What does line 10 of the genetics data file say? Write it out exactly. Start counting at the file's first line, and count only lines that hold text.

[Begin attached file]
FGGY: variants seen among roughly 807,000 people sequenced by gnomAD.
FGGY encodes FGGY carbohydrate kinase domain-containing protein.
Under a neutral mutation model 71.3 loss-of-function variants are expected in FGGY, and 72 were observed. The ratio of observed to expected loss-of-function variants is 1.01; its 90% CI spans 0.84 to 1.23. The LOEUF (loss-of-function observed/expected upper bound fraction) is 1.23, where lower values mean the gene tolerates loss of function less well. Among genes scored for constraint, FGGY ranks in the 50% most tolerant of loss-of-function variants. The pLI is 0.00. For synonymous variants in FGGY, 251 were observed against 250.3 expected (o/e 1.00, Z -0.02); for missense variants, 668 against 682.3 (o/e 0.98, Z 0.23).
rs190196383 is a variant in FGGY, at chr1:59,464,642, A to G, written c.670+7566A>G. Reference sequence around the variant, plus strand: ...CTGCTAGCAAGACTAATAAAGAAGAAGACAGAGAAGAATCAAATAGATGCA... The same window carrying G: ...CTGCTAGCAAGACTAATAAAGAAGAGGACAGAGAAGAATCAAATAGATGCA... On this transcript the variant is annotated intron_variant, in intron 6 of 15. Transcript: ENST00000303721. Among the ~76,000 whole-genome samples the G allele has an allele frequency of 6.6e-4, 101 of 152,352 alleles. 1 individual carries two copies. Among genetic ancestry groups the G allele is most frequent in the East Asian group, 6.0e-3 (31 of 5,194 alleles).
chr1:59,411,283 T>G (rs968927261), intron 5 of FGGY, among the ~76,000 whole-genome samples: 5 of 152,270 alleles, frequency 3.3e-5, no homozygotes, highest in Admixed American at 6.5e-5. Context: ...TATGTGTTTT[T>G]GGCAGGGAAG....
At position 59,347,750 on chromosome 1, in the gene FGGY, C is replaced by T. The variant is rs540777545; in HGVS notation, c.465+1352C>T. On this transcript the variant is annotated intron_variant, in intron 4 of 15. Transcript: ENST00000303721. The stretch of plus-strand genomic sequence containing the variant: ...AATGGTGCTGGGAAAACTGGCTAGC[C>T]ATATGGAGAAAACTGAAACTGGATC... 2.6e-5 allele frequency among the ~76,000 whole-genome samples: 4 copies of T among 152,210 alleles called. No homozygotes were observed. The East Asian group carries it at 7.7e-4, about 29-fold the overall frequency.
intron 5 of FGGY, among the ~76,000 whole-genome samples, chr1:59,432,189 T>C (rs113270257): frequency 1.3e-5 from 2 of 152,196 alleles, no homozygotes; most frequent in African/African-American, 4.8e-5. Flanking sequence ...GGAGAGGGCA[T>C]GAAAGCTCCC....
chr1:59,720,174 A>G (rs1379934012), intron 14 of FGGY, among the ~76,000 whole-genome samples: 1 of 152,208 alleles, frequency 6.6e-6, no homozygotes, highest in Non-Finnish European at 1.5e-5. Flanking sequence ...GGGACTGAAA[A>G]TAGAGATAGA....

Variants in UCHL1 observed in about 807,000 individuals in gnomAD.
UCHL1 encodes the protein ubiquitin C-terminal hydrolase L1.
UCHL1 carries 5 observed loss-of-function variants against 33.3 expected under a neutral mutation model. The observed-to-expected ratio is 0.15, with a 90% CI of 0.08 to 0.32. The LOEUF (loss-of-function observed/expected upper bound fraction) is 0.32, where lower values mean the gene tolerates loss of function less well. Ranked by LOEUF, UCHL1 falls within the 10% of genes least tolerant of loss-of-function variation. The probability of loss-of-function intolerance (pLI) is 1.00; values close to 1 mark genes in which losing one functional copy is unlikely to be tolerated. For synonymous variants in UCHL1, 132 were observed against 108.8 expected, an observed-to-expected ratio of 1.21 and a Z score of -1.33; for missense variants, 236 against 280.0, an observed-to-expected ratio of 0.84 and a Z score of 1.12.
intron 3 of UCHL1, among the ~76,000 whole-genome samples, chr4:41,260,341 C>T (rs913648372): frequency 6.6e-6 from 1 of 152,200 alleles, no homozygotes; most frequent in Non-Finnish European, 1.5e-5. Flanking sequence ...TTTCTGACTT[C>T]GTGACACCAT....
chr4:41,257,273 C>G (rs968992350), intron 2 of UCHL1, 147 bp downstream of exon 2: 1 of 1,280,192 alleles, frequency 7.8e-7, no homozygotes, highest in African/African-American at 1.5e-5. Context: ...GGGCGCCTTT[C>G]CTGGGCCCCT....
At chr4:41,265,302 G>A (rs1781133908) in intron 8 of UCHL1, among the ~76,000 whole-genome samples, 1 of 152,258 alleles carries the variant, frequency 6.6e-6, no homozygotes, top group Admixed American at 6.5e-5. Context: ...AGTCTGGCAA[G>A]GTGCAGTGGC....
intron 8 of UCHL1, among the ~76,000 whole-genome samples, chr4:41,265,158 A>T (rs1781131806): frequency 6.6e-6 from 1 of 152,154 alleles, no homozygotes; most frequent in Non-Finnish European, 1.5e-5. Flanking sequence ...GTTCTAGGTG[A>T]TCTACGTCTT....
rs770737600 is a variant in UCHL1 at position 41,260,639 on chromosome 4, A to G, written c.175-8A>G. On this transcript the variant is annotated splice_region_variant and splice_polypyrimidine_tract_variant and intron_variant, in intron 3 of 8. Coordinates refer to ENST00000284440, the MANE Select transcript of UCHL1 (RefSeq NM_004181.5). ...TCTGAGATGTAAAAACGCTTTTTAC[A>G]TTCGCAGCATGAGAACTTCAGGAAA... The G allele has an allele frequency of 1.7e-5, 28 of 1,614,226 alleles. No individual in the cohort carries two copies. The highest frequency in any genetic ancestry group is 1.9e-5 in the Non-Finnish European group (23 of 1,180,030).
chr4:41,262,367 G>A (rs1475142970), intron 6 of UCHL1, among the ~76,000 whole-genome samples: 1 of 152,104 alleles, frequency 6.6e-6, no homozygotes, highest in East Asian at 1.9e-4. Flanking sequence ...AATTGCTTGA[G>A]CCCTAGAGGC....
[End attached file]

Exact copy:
UCHL1 encodes the protein ubiquitin C-terminal hydrolase L1.